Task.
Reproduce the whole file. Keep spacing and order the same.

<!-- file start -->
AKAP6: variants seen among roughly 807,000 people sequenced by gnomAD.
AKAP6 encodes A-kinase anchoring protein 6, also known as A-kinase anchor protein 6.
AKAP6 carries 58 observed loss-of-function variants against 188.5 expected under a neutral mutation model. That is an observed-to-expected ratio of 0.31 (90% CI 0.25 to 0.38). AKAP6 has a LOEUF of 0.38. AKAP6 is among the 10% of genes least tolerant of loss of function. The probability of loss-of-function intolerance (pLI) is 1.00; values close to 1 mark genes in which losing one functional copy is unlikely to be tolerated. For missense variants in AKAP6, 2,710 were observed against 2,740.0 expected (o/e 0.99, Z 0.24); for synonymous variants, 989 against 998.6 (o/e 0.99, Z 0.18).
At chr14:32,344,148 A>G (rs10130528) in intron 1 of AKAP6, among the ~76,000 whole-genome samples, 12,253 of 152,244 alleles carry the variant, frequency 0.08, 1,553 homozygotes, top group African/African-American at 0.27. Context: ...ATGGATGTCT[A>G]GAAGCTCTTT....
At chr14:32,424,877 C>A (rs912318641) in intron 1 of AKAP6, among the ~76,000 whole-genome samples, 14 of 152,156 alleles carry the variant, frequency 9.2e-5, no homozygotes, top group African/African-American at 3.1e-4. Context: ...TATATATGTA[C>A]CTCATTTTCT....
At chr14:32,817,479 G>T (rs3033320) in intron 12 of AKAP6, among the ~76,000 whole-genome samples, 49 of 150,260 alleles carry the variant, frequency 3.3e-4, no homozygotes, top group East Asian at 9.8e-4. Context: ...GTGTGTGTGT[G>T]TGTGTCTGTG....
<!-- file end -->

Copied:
AKAP6: variants seen among roughly 807,000 people sequenced by gnomAD.
AKAP6 encodes A-kinase anchoring protein 6, also known as A-kinase anchor protein 6.
AKAP6 carries 58 observed loss-of-function variants against 188.5 expected under a neutral mutation model. That is an observed-to-expected ratio of 0.31 (90% CI 0.25 to 0.38). AKAP6 has a LOEUF of 0.38. AKAP6 is among the 10% of genes least tolerant of loss of function. The probability of loss-of-function intolerance (pLI) is 1.00; values close to 1 mark genes in which losing one functional copy is unlikely to be tolerated. For missense variants in AKAP6, 2,710 were observed against 2,740.0 expected (o/e 0.99, Z 0.24); for synonymous variants, 989 against 998.6 (o/e 0.99, Z 0.18).
At chr14:32,344,148 A>G (rs10130528) in intron 1 of AKAP6, among the ~76,000 whole-genome samples, 12,253 of 152,244 alleles carry the variant, frequency 0.08, 1,553 homozygotes, top group African/African-American at 0.27. Context: ...ATGGATGTCT[A>G]GAAGCTCTTT....
At chr14:32,424,877 C>A (rs912318641) in intron 1 of AKAP6, among the ~76,000 whole-genome samples, 14 of 152,156 alleles carry the variant, frequency 9.2e-5, no homozygotes, top group African/African-American at 3.1e-4. Context: ...TATATATGTA[C>A]CTCATTTTCT....
At chr14:32,817,479 G>T (rs3033320) in intron 12 of AKAP6, among the ~76,000 whole-genome samples, 49 of 150,260 alleles carry the variant, frequency 3.3e-4, no homozygotes, top group East Asian at 9.8e-4. Context: ...GTGTGTGTGT[G>T]TGTGTCTGTG....